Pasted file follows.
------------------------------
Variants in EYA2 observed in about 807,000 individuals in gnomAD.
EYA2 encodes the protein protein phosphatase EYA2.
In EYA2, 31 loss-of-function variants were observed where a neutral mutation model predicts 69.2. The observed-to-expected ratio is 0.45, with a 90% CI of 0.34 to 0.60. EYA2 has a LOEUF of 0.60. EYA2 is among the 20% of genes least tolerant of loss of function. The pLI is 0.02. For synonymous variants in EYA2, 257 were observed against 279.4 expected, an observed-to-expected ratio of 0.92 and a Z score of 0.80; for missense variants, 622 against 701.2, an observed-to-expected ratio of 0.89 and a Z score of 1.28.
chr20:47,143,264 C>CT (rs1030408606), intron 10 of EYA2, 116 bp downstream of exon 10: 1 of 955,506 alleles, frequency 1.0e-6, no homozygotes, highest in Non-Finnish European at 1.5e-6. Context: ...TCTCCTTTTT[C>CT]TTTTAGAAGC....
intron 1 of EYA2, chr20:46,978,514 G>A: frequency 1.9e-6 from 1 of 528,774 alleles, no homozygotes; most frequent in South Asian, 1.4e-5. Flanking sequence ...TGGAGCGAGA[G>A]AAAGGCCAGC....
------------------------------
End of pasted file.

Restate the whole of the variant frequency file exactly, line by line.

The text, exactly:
Variants in EYA2 observed in about 807,000 individuals in gnomAD.
EYA2 encodes the protein protein phosphatase EYA2.
In EYA2, 31 loss-of-function variants were observed where a neutral mutation model predicts 69.2. The observed-to-expected ratio is 0.45, with a 90% CI of 0.34 to 0.60. EYA2 has a LOEUF of 0.60. EYA2 is among the 20% of genes least tolerant of loss of function. The pLI is 0.02. For synonymous variants in EYA2, 257 were observed against 279.4 expected, an observed-to-expected ratio of 0.92 and a Z score of 0.80; for missense variants, 622 against 701.2, an observed-to-expected ratio of 0.89 and a Z score of 1.28.
chr20:47,143,264 C>CT (rs1030408606), intron 10 of EYA2, 116 bp downstream of exon 10: 1 of 955,506 alleles, frequency 1.0e-6, no homozygotes, highest in Non-Finnish European at 1.5e-6. Context: ...TCTCCTTTTT[C>CT]TTTTAGAAGC....
intron 1 of EYA2, chr20:46,978,514 G>A: frequency 1.9e-6 from 1 of 528,774 alleles, no homozygotes; most frequent in South Asian, 1.4e-5. Flanking sequence ...TGGAGCGAGA[G>A]AAAGGCCAGC....